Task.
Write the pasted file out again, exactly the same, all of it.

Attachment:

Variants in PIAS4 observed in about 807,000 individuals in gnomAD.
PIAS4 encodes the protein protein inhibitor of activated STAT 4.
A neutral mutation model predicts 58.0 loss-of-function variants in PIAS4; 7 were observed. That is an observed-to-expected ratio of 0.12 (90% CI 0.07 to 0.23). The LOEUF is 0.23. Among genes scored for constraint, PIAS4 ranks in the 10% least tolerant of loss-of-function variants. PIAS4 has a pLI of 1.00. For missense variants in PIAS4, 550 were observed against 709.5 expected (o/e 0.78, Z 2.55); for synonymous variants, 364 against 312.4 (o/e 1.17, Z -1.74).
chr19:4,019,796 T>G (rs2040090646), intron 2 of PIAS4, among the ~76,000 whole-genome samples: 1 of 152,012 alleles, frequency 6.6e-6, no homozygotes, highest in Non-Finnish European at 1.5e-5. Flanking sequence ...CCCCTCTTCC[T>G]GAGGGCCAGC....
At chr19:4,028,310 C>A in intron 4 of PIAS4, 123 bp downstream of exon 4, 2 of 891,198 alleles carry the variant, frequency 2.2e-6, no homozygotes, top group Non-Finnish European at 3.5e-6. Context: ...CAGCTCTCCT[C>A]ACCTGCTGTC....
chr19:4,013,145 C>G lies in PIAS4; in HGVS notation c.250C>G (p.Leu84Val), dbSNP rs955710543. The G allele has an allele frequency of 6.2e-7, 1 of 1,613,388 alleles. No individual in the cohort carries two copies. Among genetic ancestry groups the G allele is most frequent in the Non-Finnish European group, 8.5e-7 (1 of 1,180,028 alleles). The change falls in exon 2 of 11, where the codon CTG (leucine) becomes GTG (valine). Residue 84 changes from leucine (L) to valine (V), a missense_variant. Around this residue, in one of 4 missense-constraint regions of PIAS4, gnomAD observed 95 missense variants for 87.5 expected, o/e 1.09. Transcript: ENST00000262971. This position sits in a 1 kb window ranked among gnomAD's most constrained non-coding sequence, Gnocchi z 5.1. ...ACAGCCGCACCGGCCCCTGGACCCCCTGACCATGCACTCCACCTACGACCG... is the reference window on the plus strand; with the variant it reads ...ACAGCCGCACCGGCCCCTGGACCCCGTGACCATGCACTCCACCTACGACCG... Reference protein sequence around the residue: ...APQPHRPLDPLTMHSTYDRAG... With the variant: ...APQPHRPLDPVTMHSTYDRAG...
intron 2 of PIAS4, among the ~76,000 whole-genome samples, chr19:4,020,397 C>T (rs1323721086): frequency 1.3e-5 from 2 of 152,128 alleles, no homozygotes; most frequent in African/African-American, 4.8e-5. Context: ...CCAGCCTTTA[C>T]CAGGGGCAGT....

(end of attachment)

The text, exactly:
Variants in PIAS4 observed in about 807,000 individuals in gnomAD.
PIAS4 encodes the protein protein inhibitor of activated STAT 4.
A neutral mutation model predicts 58.0 loss-of-function variants in PIAS4; 7 were observed. That is an observed-to-expected ratio of 0.12 (90% CI 0.07 to 0.23). The LOEUF is 0.23. Among genes scored for constraint, PIAS4 ranks in the 10% least tolerant of loss-of-function variants. PIAS4 has a pLI of 1.00. For missense variants in PIAS4, 550 were observed against 709.5 expected (o/e 0.78, Z 2.55); for synonymous variants, 364 against 312.4 (o/e 1.17, Z -1.74).
chr19:4,019,796 T>G (rs2040090646), intron 2 of PIAS4, among the ~76,000 whole-genome samples: 1 of 152,012 alleles, frequency 6.6e-6, no homozygotes, highest in Non-Finnish European at 1.5e-5. Flanking sequence ...CCCCTCTTCC[T>G]GAGGGCCAGC....
At chr19:4,028,310 C>A in intron 4 of PIAS4, 123 bp downstream of exon 4, 2 of 891,198 alleles carry the variant, frequency 2.2e-6, no homozygotes, top group Non-Finnish European at 3.5e-6. Context: ...CAGCTCTCCT[C>A]ACCTGCTGTC....
chr19:4,013,145 C>G lies in PIAS4; in HGVS notation c.250C>G (p.Leu84Val), dbSNP rs955710543. The G allele has an allele frequency of 6.2e-7, 1 of 1,613,388 alleles. No individual in the cohort carries two copies. Among genetic ancestry groups the G allele is most frequent in the Non-Finnish European group, 8.5e-7 (1 of 1,180,028 alleles). The change falls in exon 2 of 11, where the codon CTG (leucine) becomes GTG (valine). Residue 84 changes from leucine (L) to valine (V), a missense_variant. Around this residue, in one of 4 missense-constraint regions of PIAS4, gnomAD observed 95 missense variants for 87.5 expected, o/e 1.09. Transcript: ENST00000262971. This position sits in a 1 kb window ranked among gnomAD's most constrained non-coding sequence, Gnocchi z 5.1. ...ACAGCCGCACCGGCCCCTGGACCCCCTGACCATGCACTCCACCTACGACCG... is the reference window on the plus strand; with the variant it reads ...ACAGCCGCACCGGCCCCTGGACCCCGTGACCATGCACTCCACCTACGACCG... Reference protein sequence around the residue: ...APQPHRPLDPLTMHSTYDRAG... With the variant: ...APQPHRPLDPVTMHSTYDRAG...
intron 2 of PIAS4, among the ~76,000 whole-genome samples, chr19:4,020,397 C>T (rs1323721086): frequency 1.3e-5 from 2 of 152,128 alleles, no homozygotes; most frequent in African/African-American, 4.8e-5. Context: ...CCAGCCTTTA[C>T]CAGGGGCAGT....